Dear President Trump: The Ultimate Impeachment Deal Is To Abdicate Right Now

If Donald Trump were even half the “stable genius” he’d like us to think he is, he’d do something really smart: He’d abdicate his office before the House of Representatives votes to impeach him. What’s more, if he were to abdicate, not only could he cut one helluva deal on his way out of Washington, but he could also make sure that Trumpism survives him—and his brand would be preserved to adorn hotels and golf courses far into the future.

Bear with me here, especially because Trump is about as contrarian and stubborn as they come. To say nothing of the fact that he is highly unlikely to take advice from a contemptuous libtard like me. But the idea of Trump abdicating still makes a lot of completely objective sense. He will most certainly be impeached by the House whenever that vote comes. And for good reason: His behavior as president has been largely and repeatedly unconscionable. The fact that the Republicans in the Senate will allow him to get away with his impeachable offenses is not a good reason for why he should continue to stick around the Oval Office. Impeachment is forever. It’s for the history books. He can’t erase it from his tombstone, regardless of whether the Senate lets him slide on the removal from office part of the equation. It’s a permanent status humiliation—his own particular, inescapable circle of hell. He’ll be a world-historic loser.

Therefore, he should sooner rather than later arrange for a meeting, say at Camp David, with House leaders—Nancy Pelosi, Adam Schiff, and Jerry Nadler (okay, Kevin McCarthy can come too)—and cut a deal with them, literally for the history books. In exchange for the House leadership agreeing to drop impeachment proceedings, Trump would agree not to stand for reelection in 2020 and to leave office, without commotion or regret, in January 2021. With that grand bargaining chip, he might be able to secure a few more side deals: an agreement that he will not be prosecuted when he returns to Trump Tower, and an agreement that his children won’t be prosecuted either. He might be able to secure an agreement to keep the books and records of the Trump Organization from seeing the light of day, and, of course, to keep his tax returns—the pieces of paper he seems to care more about than any other—out of the public realm. (Unfortunately, with Trump and family free of prosecutions, he might not need to ensure the continued silence of other key allies with pardons—sorry, Rudy.)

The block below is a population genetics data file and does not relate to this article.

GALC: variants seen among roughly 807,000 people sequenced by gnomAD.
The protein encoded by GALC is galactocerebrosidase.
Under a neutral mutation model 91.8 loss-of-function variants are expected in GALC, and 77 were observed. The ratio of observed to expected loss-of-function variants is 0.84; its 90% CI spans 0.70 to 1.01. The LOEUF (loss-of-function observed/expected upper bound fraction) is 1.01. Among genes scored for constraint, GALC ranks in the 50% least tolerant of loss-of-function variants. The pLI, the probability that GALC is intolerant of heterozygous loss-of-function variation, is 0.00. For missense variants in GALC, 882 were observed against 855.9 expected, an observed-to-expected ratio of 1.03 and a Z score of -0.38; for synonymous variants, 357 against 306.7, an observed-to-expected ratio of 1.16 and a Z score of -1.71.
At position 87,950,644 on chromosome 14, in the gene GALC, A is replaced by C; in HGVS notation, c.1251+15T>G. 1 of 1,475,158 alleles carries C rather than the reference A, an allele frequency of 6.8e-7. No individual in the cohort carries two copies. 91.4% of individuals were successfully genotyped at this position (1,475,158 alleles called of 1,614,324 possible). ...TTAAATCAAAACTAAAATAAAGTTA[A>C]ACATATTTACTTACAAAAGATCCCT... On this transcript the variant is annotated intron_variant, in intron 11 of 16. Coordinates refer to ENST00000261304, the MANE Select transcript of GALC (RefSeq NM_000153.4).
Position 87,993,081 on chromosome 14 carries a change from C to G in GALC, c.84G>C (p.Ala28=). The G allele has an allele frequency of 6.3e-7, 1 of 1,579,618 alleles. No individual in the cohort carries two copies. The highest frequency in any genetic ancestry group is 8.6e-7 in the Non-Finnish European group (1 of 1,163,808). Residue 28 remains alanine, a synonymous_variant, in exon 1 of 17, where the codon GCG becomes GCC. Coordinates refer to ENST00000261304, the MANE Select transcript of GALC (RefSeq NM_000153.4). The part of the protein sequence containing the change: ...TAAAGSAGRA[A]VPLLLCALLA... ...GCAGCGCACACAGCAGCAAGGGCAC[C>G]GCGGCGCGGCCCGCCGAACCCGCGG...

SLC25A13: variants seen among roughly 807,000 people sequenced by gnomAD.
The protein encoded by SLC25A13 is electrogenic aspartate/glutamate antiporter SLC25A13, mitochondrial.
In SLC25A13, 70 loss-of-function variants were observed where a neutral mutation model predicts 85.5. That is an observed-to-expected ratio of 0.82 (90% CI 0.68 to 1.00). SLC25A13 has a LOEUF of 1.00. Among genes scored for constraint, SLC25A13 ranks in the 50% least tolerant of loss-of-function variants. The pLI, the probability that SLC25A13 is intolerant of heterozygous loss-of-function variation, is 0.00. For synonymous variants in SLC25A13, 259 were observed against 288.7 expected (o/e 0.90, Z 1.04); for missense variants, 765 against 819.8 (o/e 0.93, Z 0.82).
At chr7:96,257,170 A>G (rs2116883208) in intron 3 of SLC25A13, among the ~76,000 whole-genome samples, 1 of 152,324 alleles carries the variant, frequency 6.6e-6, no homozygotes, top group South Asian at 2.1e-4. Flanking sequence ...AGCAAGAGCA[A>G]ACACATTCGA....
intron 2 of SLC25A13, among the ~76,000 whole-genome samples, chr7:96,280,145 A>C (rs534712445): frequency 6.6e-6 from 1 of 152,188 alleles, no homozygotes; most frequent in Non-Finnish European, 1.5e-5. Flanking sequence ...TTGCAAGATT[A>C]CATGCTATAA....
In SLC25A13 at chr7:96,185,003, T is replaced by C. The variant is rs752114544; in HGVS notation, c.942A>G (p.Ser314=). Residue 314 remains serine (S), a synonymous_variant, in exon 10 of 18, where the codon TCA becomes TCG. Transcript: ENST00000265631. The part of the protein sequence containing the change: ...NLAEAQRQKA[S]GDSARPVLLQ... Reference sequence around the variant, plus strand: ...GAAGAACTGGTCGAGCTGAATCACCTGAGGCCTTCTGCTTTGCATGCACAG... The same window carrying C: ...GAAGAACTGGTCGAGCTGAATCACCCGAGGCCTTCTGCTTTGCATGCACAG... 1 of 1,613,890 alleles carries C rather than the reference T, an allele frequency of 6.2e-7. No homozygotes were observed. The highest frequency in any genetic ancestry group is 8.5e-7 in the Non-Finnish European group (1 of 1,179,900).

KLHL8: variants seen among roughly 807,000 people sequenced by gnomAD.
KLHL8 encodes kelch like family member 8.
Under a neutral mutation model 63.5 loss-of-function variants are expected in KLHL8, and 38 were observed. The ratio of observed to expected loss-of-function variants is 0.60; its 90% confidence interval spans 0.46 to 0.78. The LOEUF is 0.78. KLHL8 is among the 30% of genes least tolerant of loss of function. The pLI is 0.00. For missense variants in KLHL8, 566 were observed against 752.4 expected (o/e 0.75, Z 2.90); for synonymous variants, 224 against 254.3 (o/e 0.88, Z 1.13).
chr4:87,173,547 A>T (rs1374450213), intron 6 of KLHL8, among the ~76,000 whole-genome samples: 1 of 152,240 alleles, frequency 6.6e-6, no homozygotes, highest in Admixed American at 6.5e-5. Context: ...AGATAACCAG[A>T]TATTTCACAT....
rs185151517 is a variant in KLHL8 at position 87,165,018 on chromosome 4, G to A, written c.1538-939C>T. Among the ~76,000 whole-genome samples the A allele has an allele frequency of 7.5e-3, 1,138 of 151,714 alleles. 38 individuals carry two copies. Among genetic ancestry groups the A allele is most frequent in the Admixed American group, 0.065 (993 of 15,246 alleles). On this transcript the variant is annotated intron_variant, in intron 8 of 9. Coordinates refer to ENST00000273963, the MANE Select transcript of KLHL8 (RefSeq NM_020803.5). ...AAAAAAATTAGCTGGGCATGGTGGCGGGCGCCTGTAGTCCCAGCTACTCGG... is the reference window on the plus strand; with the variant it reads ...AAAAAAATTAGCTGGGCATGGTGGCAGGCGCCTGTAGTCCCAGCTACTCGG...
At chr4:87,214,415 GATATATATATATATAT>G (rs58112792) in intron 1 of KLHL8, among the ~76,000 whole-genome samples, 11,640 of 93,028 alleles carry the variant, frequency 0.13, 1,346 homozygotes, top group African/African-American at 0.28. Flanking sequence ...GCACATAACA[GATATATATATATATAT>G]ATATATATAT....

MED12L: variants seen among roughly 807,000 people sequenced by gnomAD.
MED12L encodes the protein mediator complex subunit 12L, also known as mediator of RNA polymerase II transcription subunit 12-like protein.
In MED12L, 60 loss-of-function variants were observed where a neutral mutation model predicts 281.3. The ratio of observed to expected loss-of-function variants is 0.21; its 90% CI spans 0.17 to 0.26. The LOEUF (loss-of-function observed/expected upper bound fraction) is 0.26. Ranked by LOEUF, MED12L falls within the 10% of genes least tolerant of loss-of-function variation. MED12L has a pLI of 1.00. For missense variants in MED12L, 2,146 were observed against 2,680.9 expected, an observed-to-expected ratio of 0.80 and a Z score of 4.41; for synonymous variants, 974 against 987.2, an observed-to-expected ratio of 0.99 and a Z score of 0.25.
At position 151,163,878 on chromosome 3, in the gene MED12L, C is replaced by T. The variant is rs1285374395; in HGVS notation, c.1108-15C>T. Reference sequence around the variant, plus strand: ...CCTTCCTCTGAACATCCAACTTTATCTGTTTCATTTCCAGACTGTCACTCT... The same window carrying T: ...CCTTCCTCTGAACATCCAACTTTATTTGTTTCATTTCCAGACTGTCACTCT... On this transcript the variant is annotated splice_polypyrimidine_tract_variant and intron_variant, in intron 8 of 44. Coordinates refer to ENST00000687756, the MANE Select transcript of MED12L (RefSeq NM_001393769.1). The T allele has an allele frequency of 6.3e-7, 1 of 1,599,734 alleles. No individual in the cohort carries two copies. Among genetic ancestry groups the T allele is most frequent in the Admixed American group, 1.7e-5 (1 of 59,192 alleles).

With his agreement to depart in place, Trump will then be able to claim, with some justification, that he did an admirable job as president. He’ll be able to go out on a high note, just like George Costanza always wanted to do. In the afterglow of this selfless gift to the nation, many of his boasts would ring truer. After all, it’s accurate that the stock market is at an all-time high. It’s true that interest rates continue at historic lows. And that the unemployment rate is at or near historic lows, and that the employment rate among certain minority groups is at historical highs. (N.B. On the economic front, he does get dinged for a promised GDP growth that never materialized, for creating annual budget deficits in excess of $1 trillion, and for pushing our national debt beyond $23 trillion, despite a campaign promise to eliminate it. But under the circumstances, even the most passionate Never Trumpers might see their way to overlooking these little facts.) He can lay claim to the fact that he has not got us into any new armed conflicts around the world and he seems, in his bumbling way, to be trying to get us out of the lingering conflicts we face in Syria and Afghanistan. It’s also true—for better or for worse—that Trump has been trying to negotiate some sort of trade deal with the Chinese, although I defy anyone to explain to me what exactly he’s been trying to accomplish with President Xi this whole time (other than market manipulation).